ZED | Zegarra Environmental Designs

Net Zero Home

Imagine a home that produces as much energy as it uses. This was the dream of Eric Doub founder of Eco Futures Company, and it wasn’t until 2004 that he and his family moved into their dream home a model that may represent how people will build their homes in the future…

The Showhouse That Sustainability Built
by Barnaby J. Feder

Eric Doub knows the difference between talking about building a green home and living in one: more than 2,600 energy-conscious visitors have traipsed through his model home in the last two and a half years.

Four years ago, Mr. Doub, the owner of Ecofutures Building in Boulder, Colo., was one of a growing number of builders intent on designing environmental sustainability into new homes and retrofitted projects. But clients willing to go all out for energy-efficient design and materials were scarce. And on a personal level, certain restrictions in the north Boulder development in which he and his wife, Catherine Childs, lived with their two young children hampered his ability to practice what he preached.

Then Ms. Childs discovered a large lot nearby where they could build their dream house – a house to prove that comfort, and even touches of luxury like a hot tub, did not have to be sacrificed to do right by the environment.

The $1.38 million project (including the land purchase) became a huge financial gamble. Mr. Doub had to cut loose 10 employees – 40 percent of his work force – and Ecofutures took on debt for the first time. But by late November 2005, the family was able to move into the five-bedroom, two-story model home they named Solar Harvest.

It used available technology and, when possible, salvaged materials. Mr. Doub bought 12 used solar panels to heat water for the heating system; the 6,000-gallon underground hot-water tank came from a dairy farm.

Some of the biggest benefits came from choices that did not cost money per se, like having the front of the house face south to take maximum advantage of the sun. But other choices, like installing superinsulated windows and solar electric roof panels, added 8 percent to the cost, Mr. Doub said.

It did not take long for the gamble to begin paying off. In its first year, Solar Harvest fed enough energy into the local power grid during sunny spells to offset the cost of all the power it used other times. A copy of the $8.45 check that Xcel Energy, the utility, sent to settle 2006 accounts sits framed on the dining room table.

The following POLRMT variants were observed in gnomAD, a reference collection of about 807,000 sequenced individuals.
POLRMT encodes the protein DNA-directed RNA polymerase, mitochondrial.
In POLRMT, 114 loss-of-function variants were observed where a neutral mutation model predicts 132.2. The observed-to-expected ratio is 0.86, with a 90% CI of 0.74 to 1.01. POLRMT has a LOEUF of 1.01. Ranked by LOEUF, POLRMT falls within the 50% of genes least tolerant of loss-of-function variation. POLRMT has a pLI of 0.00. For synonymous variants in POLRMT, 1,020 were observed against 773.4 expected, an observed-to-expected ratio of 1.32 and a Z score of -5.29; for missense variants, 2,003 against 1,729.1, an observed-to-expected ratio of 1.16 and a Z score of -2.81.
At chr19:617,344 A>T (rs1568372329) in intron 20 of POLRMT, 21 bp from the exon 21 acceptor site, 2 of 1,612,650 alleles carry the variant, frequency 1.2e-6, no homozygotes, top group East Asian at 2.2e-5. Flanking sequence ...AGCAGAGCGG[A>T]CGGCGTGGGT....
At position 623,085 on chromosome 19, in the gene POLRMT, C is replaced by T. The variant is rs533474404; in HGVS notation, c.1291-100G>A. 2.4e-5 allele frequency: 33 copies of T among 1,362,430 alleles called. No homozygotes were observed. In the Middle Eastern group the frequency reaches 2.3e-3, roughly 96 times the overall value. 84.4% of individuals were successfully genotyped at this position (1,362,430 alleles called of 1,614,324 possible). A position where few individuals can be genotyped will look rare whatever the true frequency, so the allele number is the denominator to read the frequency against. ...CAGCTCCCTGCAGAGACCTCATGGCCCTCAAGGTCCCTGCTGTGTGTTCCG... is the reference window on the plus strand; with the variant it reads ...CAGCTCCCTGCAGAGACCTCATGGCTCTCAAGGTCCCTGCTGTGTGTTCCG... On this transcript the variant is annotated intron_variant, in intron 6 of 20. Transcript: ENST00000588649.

Mr. Doub especially enjoyed the tour he offered to 15 local land-use officials one day in early February 2007, when the temperature outside read just about zero. As usual, the indoor temperatures ranged in the high 60s despite the lack of any heat source other than the water tank and air circulating from the tightly insulated sun porch.

Even better, the home began attracting clients like Ronald M. Abramson, the president and chief executive of NexGen Energy Partners, an investment group focused on renewable energy projects, which Mr. Abramson recently moved from Maryland to Boulder. He worked with Mr. Doub for six months to develop plans for a 7,000-square-foot home for him and his family on a stretch of prairie near Lyons, not far from Boulder.

“We wanted to build the most environmentally responsible home in the country,” Mr. Abramson said.

Mr. Doub’s design for the Abramsons includes a combination of wind and solar power that is expected to generate 80 percent more energy than the house will require when it is finished early next year. And, with strict attention to the materials used and their environmental impact, the Abramsons think they can balance their carbon dioxide emissions and reductions.

Carbon neutral or not, the Abramson home is the first to meet new Boulder County regulations that set a sliding scale of permitted energy use, based on size. At the top of the scale, all new homes of more than 5,000 square feet must be energy neutral, generating as much as they use. County officials credit Solar Harvest with drawing support for the new regulations.

“We needed to be able to see some homes that were close to net-zero energy in Boulder County,” said Will Toor, a county commissioner. “Eric’s was the first, and that helped convince people it was feasible at a modest additional cost.”

Mr. Doub said that the smaller the home, the more challenging it can be to achieve a zero energy design because of the higher ratio of walls to interior space. Thus, Mr. Doub said, his work is in some respects less impressive than the single-story 1,130 square foot zero-energy home Habitat for Humanity built in 2005 in nearby Wheat Ridge with help from the National Renewable Energy Laboratory.

The several new Ecofutures projects begun since Solar Harvest was completed have come in at 7 percent to 9 percent above standard building costs, Mr. Doub said. He said that he continued to tinker with Solar Harvest, which cost $987,000 to build. During the unusually cold winter of 2006-7, the solar heating system proved inadequate, so he installed backup electrical heating. He also installed air-conditioning after finding that the only way to do without it in the summer was to wake people on the south side of the house at 5:30 a.m. to close windows before the sun came up.

Last fall, the family replaced its gas appliances with electric ones, partly to make Solar Harvest more representative of homes in the future. He said he expected natural gas prices to continue to rise, driving consumers to electric appliances.